If you have kids and there is an aerosol sunscreen in your house, please throw it away. What kids are going through after having it applied is too awful to risk it.

Aerosol Sunscreen

In today’s world, there are plenty of dangers to go around for kids. Most parents are so careful to do everything right. Unfortunately, even when they do their best, bad things can happen. One little boy’s feet melted playing at a splash pad, while his poor Dad stood right there and missed the danger. Then there was the Mom who took her daughter for allergy testing and something heartbreaking happened.

We will always do our best to share when something happens to a child that we think might help parents keep their children a little safer and healthier.

Do Not Use Aerosol Sunscreen On Children photo via Rebecca Cannon Facebook

Sounding the Alarm On Aerosol Sunscreen

Rebecca Cannon and her 14-month-old daughter were visiting Rebecca’s sister in Canada according to Today. The weather was nice and they decided to get outside and enjoy it.

When she searched for the sunscreen she usually uses on her little girl, she realized she didn’t have it. She asked her sister if she had any sunscreen for kids.

She was given a Banana Boat spray for kids. The product claimed to be alcohol-free, tear-free, and sting-free, with a 50+SPF. It also declared the product safe for kids over 6 months.

Everything checked out. I would have trusted it because of all those things written right on the can.

Before you ask, this Mom did not spray it directly on her child’s face. She knew better than that, but even if she hadn’t, the directions warned adults should spray it into their own hands before putting it on a child’s face.

That’s exactly what Rebecca did, and again, I would have done the same thing. Finally, she put a hat on her baby girl and off they went. I would have thought that was about as safe as she could have been, other than staying in the house.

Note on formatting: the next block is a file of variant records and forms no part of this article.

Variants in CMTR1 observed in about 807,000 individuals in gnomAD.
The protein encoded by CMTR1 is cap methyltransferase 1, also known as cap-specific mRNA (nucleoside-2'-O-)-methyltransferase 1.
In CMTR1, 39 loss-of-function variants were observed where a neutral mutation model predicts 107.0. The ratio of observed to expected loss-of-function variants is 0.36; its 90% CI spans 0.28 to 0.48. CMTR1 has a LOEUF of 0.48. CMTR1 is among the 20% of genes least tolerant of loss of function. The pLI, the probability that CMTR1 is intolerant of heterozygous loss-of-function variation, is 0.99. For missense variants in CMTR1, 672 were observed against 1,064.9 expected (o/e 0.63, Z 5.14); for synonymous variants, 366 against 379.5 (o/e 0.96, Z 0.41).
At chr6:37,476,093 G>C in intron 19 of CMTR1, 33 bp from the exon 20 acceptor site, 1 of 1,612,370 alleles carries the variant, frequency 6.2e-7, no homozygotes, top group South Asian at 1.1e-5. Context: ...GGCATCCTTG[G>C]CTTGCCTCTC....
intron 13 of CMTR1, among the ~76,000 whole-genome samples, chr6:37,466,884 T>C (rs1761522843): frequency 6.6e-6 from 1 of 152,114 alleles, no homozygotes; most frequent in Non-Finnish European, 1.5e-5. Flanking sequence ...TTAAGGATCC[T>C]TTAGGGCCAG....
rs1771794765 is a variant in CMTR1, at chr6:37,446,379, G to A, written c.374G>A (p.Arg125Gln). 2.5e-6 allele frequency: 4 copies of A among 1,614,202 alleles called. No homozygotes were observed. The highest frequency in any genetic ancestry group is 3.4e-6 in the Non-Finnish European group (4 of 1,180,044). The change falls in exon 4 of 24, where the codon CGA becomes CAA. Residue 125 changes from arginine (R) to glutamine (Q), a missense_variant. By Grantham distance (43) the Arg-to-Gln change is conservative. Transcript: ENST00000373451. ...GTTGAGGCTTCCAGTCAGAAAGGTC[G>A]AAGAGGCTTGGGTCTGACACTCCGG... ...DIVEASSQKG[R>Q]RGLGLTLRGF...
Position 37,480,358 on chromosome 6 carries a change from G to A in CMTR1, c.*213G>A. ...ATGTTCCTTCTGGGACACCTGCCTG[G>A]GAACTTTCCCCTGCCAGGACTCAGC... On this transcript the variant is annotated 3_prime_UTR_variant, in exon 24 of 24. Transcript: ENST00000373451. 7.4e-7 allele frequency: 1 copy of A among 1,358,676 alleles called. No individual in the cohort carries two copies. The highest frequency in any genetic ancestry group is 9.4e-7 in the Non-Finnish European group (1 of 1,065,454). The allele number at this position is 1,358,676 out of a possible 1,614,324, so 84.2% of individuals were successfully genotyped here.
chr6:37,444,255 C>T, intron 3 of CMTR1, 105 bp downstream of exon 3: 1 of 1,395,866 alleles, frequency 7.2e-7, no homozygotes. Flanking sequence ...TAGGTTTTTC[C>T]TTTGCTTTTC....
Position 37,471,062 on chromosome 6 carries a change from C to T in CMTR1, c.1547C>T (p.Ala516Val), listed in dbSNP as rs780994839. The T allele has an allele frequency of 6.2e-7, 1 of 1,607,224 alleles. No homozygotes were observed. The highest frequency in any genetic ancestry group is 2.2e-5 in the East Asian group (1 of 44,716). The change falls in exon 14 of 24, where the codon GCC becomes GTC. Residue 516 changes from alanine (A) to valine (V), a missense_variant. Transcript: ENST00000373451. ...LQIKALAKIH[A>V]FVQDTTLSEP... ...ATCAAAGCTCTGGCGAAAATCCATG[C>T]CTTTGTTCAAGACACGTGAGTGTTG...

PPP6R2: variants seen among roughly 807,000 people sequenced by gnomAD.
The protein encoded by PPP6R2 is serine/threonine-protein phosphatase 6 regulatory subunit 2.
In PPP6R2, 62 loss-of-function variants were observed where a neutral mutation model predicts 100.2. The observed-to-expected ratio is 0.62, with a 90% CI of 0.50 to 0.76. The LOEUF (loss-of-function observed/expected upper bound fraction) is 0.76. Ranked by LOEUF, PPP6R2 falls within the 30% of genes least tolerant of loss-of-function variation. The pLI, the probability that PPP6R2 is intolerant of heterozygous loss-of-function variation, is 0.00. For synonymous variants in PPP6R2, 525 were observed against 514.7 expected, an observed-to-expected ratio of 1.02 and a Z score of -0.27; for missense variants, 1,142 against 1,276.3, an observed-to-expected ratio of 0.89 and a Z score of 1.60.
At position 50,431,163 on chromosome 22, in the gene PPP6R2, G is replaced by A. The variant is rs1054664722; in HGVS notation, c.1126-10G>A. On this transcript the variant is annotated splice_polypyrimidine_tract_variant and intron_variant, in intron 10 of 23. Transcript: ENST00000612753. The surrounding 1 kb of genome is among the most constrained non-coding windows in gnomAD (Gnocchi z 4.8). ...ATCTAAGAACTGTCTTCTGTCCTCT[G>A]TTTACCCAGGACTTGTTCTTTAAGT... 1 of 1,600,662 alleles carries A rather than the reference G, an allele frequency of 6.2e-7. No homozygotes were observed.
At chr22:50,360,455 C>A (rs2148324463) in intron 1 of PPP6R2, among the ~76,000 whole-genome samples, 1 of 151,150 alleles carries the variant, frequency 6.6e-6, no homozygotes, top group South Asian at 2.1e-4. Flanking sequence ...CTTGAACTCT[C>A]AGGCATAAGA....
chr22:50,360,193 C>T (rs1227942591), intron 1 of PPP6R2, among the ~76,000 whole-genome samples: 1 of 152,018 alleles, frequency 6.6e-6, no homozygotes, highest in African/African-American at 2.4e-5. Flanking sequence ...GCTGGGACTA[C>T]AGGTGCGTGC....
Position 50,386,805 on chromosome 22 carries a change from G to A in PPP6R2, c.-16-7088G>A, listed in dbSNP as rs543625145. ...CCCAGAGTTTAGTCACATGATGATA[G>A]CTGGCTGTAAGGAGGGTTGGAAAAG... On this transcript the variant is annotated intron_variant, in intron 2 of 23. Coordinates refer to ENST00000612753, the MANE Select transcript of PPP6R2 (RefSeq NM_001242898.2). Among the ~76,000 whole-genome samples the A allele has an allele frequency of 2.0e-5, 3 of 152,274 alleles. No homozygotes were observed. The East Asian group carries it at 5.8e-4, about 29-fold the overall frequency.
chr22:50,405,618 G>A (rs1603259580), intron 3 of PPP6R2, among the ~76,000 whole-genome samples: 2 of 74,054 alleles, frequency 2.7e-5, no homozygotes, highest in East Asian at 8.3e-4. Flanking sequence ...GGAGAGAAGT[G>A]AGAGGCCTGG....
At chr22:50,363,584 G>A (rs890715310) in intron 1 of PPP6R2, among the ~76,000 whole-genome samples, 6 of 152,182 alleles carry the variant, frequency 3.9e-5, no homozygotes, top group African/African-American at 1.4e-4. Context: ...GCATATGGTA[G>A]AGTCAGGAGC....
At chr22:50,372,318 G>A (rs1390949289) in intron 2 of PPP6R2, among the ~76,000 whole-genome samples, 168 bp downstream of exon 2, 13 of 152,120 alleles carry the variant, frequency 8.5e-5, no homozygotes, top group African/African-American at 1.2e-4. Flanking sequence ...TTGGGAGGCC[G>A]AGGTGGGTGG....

A few hours later Mom began to notice a rash creep across her little one’s face. She was concerned, but not so much so that she felt a trip to the ER was warranted.

The next morning, however, she scooped up her daughter and rushed to the Emergency Room. Where a rash had been, there was now severe swelling and blistering.

The ER doc told her that her daughter’s face was covered in 2nd-degree burns! Rebecca couldn’t figure out what happened. She’d protected her daughter from the sun, so how in the world did she get so badly burned?

The cream she got from the doctor made it even worse, and so she was immediately referred to a dermatologist. That’s where they began to put the pieces together. Her daughter was suffering from a caustic burn caused by the sunscreen.


I’ll be honest. I had to look up what a caustic burn was. Now I know that it’s a chemical burn that can affect both your skin and internal organs.

Here are some of the chemicals that can cause caustic burns, according to Healthline.

Car battery acid
Denture cleaners
Teeth whitening products
Pool chlorination products

You should also know that Consumer Reports said to stay away from spray sunscreen for kids for now. I don’t know about you, but I believe I’ll follow that advice. Better safe than sorry, in my opinion.

Do Not Use Aerosol Sunscreen On Children photo via Rebecca Cannon Facebook


I strongly encourage you to visit the EWG’s guide to sunscreen for children. (The EWG AKA Environmental Working Group is a 501(c)(3) nonprofit.

“EWG provides information on sunscreen products from the published scientific literature, to supplement incomplete data available from companies and the government. The ratings indicate both efficacy and the relative level of concern posed by exposure to the ingredients in this product – not the product itself – compared to other sunscreens. The ratings reflect potential health hazards but do not account for the level of exposure or individual susceptibility, factors which determine actual health risks, if any.”

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